GamingHunter: The Reckoning - Redeemer

My wife and I beat the Hunter: The Reckoning -Wayward on the PS2 a year ago, so we decided the next logical step was to buy Hunter: The Reckoning - Redeemer (can that title get any longer?) for the Xbox.

The Hunter series is noteworthy because it's based on a World of Darkness pen-and-paper role-playing game. The World of Darkness was dominated by the first game in the line, vampires. Then werewolves. Then wraiths. Then changelings. Finally, someone got fed up with playing monsters and made a game dedicated to blowing them all up. Thus we have Hunter: The Reckoning, where soccer moms and school teachers suddenly discover they have super powers and can pierce the Veil, the illusion that cloaks the monsters who live among us. Good stuff.

Now, you might expect that our heroes would all be rather mundane looking, boring people. But in a sacrifice to the laws of videogames (and thus, the laws of What Teenage Boys Like), all those Hunters were sexed up quite a bit. We have the big scary biker guy (Spencer "Deuce" Wyatt), the black ex-cop (Samantha Alexander), the wise priest guy with a wicked sword (Father Esteban Cortez) and the rich kid raver chick (Kassandra Cheyung). Wayward had something of a 70s funkadelic feel to it.

Redeemer adds a new character, and she screams, "Somebody knows their demographic!" Dressed in a tight leather bustier, pigtails, and wielding a huge sword, Kaylie Winter achieves two amazing feats: she can actually swing a sword bigger than her entire body and she never falls out of her outfit. Not for lack of trying, mind you. Also, perhaps in a nod to being a bit more politically correct, Samantha no longer has an afro.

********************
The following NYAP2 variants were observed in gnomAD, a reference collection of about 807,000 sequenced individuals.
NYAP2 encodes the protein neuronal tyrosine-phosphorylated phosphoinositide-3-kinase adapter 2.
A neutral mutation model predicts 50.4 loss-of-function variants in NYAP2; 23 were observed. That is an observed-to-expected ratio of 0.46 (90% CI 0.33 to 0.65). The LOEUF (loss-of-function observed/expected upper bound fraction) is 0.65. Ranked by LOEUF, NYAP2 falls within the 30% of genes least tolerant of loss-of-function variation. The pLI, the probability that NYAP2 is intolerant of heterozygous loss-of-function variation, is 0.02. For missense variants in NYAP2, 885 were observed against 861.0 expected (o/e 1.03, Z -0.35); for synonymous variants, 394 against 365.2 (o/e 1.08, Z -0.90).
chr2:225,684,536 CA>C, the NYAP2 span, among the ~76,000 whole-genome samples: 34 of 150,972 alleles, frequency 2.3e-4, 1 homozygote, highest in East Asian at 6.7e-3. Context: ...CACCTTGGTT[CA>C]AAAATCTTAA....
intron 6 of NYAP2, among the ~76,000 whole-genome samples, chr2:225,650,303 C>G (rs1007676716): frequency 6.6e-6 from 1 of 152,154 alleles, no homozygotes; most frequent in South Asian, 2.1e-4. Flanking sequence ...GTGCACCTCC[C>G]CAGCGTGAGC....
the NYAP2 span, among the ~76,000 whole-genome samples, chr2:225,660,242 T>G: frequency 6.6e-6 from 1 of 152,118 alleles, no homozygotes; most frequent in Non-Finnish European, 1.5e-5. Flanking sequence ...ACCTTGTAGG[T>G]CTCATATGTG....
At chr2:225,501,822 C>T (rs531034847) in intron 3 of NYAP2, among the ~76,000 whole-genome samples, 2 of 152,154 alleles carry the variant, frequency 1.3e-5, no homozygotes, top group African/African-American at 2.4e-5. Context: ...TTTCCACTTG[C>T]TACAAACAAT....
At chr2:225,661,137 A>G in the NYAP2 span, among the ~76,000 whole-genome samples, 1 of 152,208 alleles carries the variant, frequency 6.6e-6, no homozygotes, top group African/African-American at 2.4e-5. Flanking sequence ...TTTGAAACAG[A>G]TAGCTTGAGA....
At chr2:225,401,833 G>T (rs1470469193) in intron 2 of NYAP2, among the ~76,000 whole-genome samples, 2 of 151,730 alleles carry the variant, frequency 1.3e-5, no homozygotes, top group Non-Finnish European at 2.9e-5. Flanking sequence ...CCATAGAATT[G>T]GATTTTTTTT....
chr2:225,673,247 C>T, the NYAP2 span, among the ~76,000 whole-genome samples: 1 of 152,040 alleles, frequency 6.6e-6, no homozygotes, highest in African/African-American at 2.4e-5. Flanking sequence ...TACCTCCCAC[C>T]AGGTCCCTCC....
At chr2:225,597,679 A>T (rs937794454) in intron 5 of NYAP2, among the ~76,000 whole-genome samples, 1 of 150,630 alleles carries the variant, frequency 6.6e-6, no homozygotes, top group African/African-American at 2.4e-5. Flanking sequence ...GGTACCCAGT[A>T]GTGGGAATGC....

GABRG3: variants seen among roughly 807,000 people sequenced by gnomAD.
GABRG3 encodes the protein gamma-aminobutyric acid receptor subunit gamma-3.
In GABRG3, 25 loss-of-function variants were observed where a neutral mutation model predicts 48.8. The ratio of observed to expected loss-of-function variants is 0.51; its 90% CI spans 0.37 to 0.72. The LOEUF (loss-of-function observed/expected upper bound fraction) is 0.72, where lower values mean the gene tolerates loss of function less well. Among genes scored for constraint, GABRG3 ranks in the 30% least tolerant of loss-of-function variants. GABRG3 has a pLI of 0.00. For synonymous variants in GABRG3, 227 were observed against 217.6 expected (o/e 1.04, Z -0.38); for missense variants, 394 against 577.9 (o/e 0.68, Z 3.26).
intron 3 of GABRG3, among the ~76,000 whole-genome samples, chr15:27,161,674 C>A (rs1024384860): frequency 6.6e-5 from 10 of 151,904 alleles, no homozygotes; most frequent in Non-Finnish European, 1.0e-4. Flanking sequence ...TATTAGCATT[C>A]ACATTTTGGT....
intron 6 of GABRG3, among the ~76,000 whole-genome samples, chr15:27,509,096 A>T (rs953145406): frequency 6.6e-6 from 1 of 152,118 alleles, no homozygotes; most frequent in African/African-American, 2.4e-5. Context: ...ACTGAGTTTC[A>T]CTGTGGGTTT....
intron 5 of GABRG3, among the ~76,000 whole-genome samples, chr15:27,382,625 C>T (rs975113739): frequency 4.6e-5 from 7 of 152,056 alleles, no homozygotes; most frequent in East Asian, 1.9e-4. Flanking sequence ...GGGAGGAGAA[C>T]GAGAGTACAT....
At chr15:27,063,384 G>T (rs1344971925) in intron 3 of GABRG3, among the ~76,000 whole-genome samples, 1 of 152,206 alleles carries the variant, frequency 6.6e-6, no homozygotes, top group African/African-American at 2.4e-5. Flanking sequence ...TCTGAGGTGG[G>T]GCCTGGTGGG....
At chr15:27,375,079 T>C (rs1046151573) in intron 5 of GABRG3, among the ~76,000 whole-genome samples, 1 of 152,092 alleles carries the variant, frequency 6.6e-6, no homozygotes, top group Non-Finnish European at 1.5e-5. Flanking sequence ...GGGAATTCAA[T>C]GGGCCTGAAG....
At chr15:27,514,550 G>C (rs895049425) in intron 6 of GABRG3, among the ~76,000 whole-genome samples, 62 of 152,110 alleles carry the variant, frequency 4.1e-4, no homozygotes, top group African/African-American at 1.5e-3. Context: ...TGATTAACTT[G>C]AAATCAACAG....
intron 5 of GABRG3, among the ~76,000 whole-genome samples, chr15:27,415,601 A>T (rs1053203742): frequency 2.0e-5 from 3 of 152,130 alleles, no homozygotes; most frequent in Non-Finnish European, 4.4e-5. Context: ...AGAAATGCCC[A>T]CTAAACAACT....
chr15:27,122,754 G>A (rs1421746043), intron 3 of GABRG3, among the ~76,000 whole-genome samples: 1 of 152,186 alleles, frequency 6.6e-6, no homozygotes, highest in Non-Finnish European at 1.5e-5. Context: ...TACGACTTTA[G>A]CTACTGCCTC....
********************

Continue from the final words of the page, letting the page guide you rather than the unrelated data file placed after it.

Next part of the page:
Although the World of Darkness role-playing game supposedly doesn't have classes, it has something similar: creeds. These creeds determine the characters starting abilities and access to Edges, the powers that Hunters wield against the forces of darkness. These range from confusing enemies to healing allies to blowing bad guys up real good. It didn't take long to start thinking of Father Esteban as a cleric (oh the irony!), since he gets the healing Edge.

The developers tweaked the game significantly since Wayward. Specifically, we stopped playing Wayward because we got stuck at one of the bosses-an evil witch. With her gun-toting harpies, she mowed us down over and over. What we didn't realize was that there are actually a limited number of lives. You just have a lot of them, so it takes a lot of deaths before you run out-long enough that we figured we had unlimited restarts. When we finally reached the boss fight, we had long since saved several games with that limited number of lives. It was never spelled out explicitly in the game documentation and, for reasons I will never understand, it's not spelled out in Redeemer either. But it doesn't matter, because on Medium difficulty we never ran out of lives.

The game play is basically the same. You shoot stuff, you hack stuff, and you take its stuff. Wayward had the hysterical side effect of putting items in garbage cans, thus turning Hunters into the worlds most powerful dumpster divers. No trash receptacle is safe! Conversely, Redeemer restricts items to corpses and even gives certain adversaries items that make sense.

The plot is difficult to follow, mostly because it draws on preconceived notions from the World of Darkness that most gamers are probably not familiar with. Werewolves, in this universe, are good guys fighting the forces of corrupt civilization. In Redeemer, werewolves that appear to be enemies are actually allies, opposed by Gentex, an evil super corporation. This might sound familiar, because it's obviously Pentex, the evil super corporation from Werewolf: The Apocalypse (now Werewolf: The Forsaken). I'm not sure why the name was changed.

Anyway, it just so happens that a Hunter runs the corporation. So the corporation can't be that bad, right? Without giving too much away, let's just say that another role-playing game, one of the last to be released before the current World of Darkness "reboot" has a lot to do with this game. That will only serve to confuse people, I'm sure.

By far the best part of Redeemer d is that it's one of the rare four player games for the Xbox. The controls are customized for blasting away at opponents, including a very cool strafing maneuver. It's all about killing zombies, vampires, and other weird things.

And that's not a bad thing. Redeemer makes no pretense about what it is: a straight up shoot-em-up for four. If you can stand the everything-but-the-kitchen-sink premise and don't mind your Hunters showing a little leg, Redeemer is for you.